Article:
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Adapting to Change in the Political Landscape of State Government

January 13, 2011 2:00 pm Eastern Time

GIH Public Policy Audioconference Series

When: Thursday, January 13, 2011 at 2:00 p.m. Eastern / 1:00 p.m. Central / Noon Mountain / 11:00 a.m. Pacific 
Alan Weil, National Academy for State Health Policy
Billie Hall, Sunflower Foundation
Wendy Wolf, Maine Health Access Foundation 

Results of the recent election have significantly altered the political map for state governments. Sixteen state legislatures changed party control of one or both chambers and, of the 27 states with new governors, 17 have seen a party switch in the governor's office. This audioconference considered the implications of these political shifts for health policy and explored how health funders are responding to changes in the political landscape.

Alan Weil led the discussion by summarizing the magnitude and scope of the changes in the political landscape at both the federal and state levels. He described the implications of these changes for health policy in three broad areas (1) the increase in the number of states actively opposing reform implementation, (2) the increased likelihood that implementation, to the extent it does proceed, will reflect market-based, rather than regulatory, approaches, and (3) the significant number of policymakers, of both parties, with limited knowledge of and experience in health policy issues. He commented on the high level of uncertainty that surrounds reform implementation, ranging from continuing concerns about state budgets, diminished resources for implementation activities, on-going legal challenges, and pending federal regulatory standards.  Mr. Weil urged philanthropic organizations to reconsider funding investments in areas that have previously been viewed as core government activities, support advocacy efforts, and promote collaboration across states in order to reduce redundant analyses and problem-solving.

Billie Hall described the changes that have taken place in Kansas, sharing that the new governor just delivered his state of the state address, released a new budget, and has announced numerous new cabinet members and agency heads. Sunflower is still in the process of assessing the potential impact of these policies, but significant changes are likely given that 8 state agencies are slated for elimination, a consolidation of the Medicaid and public health agencies has been proposed, and additional modifications in the Medicaid program are anticipated. She noted continuity in leadership in the office of the insurance commission. Ms. Hall indicated that the Sunflower Foundation is evaluating its current strategies in light of expected policy shifts.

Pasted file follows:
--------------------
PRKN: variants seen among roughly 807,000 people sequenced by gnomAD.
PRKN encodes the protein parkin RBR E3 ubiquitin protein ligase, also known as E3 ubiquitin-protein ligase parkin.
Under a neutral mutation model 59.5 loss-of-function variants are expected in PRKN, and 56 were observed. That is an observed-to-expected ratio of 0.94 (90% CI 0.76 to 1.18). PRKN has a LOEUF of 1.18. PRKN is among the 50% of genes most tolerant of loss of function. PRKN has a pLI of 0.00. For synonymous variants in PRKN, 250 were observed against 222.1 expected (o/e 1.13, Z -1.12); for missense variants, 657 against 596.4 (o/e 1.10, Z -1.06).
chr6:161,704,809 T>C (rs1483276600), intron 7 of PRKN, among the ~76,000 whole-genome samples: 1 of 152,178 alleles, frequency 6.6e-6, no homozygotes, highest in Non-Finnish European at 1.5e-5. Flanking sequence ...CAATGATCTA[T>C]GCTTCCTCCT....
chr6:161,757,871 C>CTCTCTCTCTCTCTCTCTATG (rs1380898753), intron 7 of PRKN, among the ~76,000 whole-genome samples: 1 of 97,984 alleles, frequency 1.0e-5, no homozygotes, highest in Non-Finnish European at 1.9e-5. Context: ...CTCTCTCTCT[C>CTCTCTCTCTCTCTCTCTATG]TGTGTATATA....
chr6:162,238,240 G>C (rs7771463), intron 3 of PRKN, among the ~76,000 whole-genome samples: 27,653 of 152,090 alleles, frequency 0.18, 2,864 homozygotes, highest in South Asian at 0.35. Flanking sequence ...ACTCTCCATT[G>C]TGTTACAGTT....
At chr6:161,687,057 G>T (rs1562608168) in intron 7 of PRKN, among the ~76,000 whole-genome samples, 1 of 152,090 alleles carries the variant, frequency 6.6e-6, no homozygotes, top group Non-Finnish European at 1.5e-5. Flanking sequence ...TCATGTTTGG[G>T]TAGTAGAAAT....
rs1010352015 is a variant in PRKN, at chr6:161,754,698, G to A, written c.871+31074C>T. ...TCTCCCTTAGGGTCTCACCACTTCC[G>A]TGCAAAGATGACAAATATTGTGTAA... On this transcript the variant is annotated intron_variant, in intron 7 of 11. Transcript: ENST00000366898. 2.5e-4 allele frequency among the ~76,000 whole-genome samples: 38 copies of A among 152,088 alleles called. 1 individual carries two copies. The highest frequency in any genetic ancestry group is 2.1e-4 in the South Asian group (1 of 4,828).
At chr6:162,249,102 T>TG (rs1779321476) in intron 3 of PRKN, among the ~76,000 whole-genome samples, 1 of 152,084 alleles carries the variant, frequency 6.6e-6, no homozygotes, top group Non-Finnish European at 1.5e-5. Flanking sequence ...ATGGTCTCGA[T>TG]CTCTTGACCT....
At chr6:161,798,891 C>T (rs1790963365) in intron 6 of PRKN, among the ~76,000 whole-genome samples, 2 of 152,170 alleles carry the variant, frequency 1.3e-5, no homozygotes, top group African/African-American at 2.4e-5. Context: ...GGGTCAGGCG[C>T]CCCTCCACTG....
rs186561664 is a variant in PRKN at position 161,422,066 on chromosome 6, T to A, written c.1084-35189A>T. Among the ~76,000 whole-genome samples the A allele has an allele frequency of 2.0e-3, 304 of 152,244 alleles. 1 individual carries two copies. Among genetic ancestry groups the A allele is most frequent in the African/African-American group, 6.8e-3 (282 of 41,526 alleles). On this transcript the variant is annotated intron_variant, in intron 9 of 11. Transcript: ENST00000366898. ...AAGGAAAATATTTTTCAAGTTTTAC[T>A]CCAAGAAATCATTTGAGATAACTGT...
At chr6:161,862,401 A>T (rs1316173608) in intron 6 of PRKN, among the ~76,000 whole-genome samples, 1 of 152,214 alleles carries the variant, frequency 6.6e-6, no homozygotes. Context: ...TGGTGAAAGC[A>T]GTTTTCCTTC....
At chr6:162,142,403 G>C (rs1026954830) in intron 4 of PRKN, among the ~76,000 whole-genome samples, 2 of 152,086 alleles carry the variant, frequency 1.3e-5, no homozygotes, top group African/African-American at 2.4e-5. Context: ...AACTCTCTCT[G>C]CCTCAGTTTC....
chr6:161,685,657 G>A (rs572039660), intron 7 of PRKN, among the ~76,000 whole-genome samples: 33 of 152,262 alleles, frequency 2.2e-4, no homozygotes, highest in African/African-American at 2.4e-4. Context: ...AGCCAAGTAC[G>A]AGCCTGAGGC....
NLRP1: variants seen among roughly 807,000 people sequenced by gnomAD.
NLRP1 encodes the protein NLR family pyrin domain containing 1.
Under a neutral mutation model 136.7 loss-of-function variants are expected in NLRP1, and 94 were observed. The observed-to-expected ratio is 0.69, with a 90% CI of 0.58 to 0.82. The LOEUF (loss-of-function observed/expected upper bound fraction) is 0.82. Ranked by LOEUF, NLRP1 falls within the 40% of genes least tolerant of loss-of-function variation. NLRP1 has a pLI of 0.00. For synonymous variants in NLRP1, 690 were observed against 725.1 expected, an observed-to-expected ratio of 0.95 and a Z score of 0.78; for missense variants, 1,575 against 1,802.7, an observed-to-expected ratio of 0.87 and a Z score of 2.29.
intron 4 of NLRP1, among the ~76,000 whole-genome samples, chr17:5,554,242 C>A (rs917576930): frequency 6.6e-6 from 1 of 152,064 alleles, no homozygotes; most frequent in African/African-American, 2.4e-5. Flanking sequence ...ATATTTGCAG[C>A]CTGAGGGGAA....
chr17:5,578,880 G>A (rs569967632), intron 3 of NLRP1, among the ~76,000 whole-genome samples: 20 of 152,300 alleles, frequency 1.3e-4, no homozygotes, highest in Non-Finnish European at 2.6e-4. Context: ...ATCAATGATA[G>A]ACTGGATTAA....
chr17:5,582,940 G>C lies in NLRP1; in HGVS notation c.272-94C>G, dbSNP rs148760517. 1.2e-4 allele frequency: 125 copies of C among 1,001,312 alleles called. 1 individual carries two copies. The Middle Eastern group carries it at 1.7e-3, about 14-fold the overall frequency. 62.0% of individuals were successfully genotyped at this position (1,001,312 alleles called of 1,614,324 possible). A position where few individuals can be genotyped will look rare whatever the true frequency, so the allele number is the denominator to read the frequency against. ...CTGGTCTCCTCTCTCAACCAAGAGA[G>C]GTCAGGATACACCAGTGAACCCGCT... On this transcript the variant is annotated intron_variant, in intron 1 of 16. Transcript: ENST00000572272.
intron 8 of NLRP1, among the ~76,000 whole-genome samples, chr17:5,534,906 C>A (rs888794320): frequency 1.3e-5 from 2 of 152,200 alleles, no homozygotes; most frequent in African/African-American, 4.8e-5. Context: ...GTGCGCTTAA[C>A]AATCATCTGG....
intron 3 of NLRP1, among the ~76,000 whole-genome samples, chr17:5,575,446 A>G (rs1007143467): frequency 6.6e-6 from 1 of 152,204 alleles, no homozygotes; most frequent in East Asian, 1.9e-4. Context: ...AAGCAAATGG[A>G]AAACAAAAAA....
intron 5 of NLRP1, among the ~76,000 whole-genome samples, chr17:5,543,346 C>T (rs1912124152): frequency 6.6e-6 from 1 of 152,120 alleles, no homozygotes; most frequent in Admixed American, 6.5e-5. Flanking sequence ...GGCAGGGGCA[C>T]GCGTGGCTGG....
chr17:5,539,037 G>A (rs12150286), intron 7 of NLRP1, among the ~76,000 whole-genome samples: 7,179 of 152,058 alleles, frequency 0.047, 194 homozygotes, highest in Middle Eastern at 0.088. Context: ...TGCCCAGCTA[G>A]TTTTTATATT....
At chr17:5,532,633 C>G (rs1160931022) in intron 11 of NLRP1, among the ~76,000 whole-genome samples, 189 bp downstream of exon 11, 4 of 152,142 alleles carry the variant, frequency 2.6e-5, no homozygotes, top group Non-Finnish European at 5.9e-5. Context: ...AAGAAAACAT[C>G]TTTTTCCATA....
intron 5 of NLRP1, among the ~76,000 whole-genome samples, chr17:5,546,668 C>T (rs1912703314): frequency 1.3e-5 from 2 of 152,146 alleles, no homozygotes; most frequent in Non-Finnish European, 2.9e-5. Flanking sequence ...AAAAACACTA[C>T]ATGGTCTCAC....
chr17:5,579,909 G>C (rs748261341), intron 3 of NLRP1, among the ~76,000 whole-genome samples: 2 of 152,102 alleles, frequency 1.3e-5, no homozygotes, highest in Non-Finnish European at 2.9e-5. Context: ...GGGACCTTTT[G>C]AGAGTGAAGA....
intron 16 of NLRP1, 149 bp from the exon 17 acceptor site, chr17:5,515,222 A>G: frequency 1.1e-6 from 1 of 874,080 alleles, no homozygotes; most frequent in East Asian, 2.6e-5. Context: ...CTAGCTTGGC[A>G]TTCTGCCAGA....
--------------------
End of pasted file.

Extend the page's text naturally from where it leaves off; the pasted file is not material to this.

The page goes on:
Wendy Wolf discussed the changes taking place in Maine, which saw a shift in party control of both the governor’s office and the state legislature. She stressed the need for foundations to assume a long-term strategic perspective and to avoid confusing election-related messaging with policy decision making. Ms. Wolf described long-standing efforts by MEHAF to support biennial educational seminars on health policy for new and returning legislators and emphasized the opportunities in offering credible, objective information.

During the interactive discussion, participants concurred with the need for funders to take a leadership role in identifying common ground on priority issues, such as addressing value and efficiency in health care services. Participants also discussed the need to assess new and existing partnerships in order to further philanthropic goals and to stay abreast of on-going policy deliberations at the state and federal level.  



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